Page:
7 Design Lessons from the 1997 BALA Awards

  1. Go Back to the Old Neighborhood. Very simply, build neighborhoods, not homes.  Hurried and harried, today’s predominantly baby-boomer buyers want the charm and security they associate with grandma’s house from years past. That requires vintage architectural packages set in landscaped, pedestrian-friendly environments.
  2. Create a Look that’s Timeless. Traditional design has been the fashion leader in recent years. The emphasis now is on more authentic, more regionally accurate, traditional designs. Buyers want their new homes to be future-proof – classic exteriors that are warm, understated and reminiscent of days past; designs with front porches that wrap around the side of the home; homes with character; new homes that feel as if they were always there.
  3. Keep the Focus on Today’s Lifestyle.  American homeowners continue to spend more time at home.  The home has become the center for family entertainment. And the lifestyle is decidedly casual.  Emphasis now is definitely on the informal living spaces within the home.  The open kitchen/family room has become the focal point of new home design.
  4. Offer Design Consistency, but be Distinctive.  Front and rear elevations should receive equal priority.  Designs should be cohesive inside and out, while architectural style is consistent front to back.  Side and rear elevations are articulated and exciting.  Consistency, however, doesn’t imply sameness.  Faced with increasing competition, there is a strong urge to do something different, to be creative, to “break the box” and stand out.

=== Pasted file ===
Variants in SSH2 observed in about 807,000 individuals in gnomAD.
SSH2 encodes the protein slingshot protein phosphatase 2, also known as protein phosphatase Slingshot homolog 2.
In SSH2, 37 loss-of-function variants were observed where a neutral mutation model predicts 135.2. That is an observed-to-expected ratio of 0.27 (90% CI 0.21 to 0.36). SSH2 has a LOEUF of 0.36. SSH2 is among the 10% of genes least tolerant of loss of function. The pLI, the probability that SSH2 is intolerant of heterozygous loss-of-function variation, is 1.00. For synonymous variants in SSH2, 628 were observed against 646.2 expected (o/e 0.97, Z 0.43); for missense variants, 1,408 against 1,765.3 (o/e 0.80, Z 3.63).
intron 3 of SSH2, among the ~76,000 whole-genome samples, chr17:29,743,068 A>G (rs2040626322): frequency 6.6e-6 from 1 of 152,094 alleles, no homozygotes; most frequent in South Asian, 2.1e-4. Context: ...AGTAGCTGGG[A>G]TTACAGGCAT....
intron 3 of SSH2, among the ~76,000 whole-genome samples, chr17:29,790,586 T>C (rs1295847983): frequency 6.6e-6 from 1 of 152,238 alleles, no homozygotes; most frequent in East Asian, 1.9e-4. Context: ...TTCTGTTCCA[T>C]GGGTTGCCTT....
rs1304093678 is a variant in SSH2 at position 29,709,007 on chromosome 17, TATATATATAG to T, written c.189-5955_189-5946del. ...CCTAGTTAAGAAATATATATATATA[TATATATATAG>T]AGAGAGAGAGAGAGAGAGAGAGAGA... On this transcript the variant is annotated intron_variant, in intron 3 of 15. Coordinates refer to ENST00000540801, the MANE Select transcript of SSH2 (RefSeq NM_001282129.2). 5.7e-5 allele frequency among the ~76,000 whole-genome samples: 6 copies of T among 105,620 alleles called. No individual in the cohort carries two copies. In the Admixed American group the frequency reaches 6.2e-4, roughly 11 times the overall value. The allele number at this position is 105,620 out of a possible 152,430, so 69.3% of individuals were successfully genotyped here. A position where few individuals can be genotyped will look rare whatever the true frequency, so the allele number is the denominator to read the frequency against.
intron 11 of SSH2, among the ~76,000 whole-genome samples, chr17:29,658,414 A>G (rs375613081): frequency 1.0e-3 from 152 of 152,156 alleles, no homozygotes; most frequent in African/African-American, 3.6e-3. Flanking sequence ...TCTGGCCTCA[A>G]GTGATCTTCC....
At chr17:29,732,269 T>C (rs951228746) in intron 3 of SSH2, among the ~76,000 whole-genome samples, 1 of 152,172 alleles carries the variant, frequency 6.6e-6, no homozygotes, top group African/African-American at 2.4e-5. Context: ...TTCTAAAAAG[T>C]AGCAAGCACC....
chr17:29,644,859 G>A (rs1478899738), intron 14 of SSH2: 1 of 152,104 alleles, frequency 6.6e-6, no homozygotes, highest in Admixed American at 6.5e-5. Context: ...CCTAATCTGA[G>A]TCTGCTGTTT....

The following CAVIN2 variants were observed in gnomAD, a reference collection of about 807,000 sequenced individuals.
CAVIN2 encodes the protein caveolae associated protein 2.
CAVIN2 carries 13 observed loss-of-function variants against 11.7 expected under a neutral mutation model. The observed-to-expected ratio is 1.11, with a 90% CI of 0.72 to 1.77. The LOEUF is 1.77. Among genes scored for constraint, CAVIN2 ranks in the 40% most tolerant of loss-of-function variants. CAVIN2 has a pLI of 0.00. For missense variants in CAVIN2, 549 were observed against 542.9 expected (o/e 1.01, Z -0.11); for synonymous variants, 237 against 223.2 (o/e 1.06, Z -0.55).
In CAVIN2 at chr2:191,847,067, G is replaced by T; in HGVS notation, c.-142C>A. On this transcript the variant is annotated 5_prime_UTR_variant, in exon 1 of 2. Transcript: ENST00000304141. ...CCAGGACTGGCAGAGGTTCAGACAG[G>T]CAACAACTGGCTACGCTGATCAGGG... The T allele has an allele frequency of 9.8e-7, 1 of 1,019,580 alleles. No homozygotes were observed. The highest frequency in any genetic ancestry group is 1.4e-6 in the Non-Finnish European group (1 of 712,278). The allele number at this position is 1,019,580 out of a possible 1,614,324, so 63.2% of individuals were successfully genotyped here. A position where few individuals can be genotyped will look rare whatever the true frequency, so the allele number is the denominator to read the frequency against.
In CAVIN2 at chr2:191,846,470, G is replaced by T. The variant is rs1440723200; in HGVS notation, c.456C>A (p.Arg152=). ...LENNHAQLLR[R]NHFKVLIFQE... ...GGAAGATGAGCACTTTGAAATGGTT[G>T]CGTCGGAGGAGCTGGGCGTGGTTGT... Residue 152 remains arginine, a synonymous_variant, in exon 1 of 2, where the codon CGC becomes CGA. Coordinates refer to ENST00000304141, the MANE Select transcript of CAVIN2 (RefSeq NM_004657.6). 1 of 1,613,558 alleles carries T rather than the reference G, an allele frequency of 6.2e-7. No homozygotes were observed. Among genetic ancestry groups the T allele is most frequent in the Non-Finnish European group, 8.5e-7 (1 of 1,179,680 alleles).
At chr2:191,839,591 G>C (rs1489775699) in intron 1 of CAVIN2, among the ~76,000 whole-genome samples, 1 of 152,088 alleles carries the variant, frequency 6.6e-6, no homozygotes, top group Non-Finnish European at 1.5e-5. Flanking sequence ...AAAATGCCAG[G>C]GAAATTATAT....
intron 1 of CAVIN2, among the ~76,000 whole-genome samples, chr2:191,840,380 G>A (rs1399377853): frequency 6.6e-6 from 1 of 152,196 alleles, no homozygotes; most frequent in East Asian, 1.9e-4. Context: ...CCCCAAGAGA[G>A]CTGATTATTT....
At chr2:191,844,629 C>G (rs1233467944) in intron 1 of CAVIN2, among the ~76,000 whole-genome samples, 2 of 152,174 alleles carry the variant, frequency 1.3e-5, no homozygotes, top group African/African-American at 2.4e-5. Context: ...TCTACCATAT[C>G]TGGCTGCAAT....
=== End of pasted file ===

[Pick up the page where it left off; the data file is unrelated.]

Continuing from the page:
5. Take the Details to Another Level.  There is a need for quality housing products at all prices on the spectrum and the details must match the price point. Yet, a growing number of buyers seem willing to push their budget – even sacrifice square footage – for the perceived value of unique details, quality touches and luxury finishes, like coffered ceilings with recessed lighting, inlaid floors, arched beams, wrought iron railings, art niches and cove lighting.
  6. Make it High Tech, but Include Retreats.  High tech is here to stay, as new homes are increasingly being wired for the future, including category 5 wiring, computer access lines and sophisticated home-automation and electronic home management systems that control lighting, security, HVAC systems and audio/video systems.  As homes become high tech, there will be a growing need for escape havens or quiet retreats such as cozy reading nooks, secluded sunning spaces and master suite pamper spaces.
  7. Give Renters-by-Choice Single-Family Feel.  Leading the recent surge in multifamily housing has been the renter-by-choice. These individuals can afford for-sale housing but have chosen instead high-end rental housing.  And, they demand upscale apartments with a resort feel, tons of amenities and a full program of social activities.

Excerpted from 7 Lessons from BALA, originally published in the January 1998 edition of Professional Builder magazine.

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